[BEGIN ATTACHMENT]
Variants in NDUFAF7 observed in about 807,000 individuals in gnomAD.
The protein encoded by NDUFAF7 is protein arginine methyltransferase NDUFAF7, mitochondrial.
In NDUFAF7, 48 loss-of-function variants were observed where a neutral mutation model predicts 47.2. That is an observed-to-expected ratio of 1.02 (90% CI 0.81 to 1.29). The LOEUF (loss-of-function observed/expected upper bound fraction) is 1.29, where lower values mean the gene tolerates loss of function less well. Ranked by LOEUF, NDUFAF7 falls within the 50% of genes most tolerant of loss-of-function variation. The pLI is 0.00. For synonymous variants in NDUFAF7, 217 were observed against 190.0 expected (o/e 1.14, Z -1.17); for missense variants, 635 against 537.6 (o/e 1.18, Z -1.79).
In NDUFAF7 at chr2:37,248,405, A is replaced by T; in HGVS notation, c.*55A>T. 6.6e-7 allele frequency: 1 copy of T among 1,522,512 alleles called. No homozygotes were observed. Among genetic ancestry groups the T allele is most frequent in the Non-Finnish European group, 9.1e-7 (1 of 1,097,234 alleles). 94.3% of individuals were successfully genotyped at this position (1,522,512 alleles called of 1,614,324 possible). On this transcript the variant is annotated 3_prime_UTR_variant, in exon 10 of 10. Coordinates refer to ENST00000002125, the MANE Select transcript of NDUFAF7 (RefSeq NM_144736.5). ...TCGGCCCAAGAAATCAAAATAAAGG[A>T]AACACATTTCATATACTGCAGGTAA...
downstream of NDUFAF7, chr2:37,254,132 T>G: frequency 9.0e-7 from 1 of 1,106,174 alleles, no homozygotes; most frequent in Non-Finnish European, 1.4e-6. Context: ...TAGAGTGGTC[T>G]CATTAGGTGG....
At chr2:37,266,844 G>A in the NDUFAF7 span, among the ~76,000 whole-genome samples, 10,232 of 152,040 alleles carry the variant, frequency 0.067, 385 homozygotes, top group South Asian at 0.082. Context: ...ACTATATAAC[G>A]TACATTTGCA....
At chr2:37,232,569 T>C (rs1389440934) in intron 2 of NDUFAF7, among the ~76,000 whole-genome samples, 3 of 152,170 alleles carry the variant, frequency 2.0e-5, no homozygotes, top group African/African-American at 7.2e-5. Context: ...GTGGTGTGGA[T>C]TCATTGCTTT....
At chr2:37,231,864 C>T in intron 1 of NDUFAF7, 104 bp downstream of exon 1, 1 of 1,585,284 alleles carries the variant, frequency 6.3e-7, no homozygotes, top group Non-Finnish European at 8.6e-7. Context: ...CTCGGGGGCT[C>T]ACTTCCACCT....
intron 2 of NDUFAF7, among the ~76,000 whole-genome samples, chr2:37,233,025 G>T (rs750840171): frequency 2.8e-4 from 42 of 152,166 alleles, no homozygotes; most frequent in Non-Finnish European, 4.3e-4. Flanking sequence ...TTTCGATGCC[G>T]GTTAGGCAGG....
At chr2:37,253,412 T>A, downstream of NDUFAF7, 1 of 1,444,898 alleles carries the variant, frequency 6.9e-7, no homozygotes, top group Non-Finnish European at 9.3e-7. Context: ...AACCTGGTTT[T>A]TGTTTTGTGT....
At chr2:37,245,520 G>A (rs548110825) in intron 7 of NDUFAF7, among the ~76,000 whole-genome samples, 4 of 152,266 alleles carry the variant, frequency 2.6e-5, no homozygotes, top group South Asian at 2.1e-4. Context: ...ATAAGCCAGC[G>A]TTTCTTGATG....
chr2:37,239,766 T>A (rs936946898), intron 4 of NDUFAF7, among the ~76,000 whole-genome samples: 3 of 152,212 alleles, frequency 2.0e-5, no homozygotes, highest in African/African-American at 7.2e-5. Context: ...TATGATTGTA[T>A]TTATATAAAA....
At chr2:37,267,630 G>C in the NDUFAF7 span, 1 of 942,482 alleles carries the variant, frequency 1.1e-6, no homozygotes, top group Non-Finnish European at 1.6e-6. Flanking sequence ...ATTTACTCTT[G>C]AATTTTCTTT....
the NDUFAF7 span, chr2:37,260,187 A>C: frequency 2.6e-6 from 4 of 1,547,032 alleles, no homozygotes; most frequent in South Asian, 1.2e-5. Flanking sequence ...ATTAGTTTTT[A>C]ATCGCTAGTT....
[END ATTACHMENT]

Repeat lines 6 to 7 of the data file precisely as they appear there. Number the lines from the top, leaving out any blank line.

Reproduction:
At chr2:37,266,844 G>A in the NDUFAF7 span, among the ~76,000 whole-genome samples, 10,232 of 152,040 alleles carry the variant, frequency 0.067, 385 homozygotes, top group South Asian at 0.082. Context: ...ACTATATAAC[G>A]TACATTTGCA....
At chr2:37,232,569 T>C (rs1389440934) in intron 2 of NDUFAF7, among the ~76,000 whole-genome samples, 3 of 152,170 alleles carry the variant, frequency 2.0e-5, no homozygotes, top group African/African-American at 7.2e-5. Context: ...GTGGTGTGGA[T>C]TCATTGCTTT....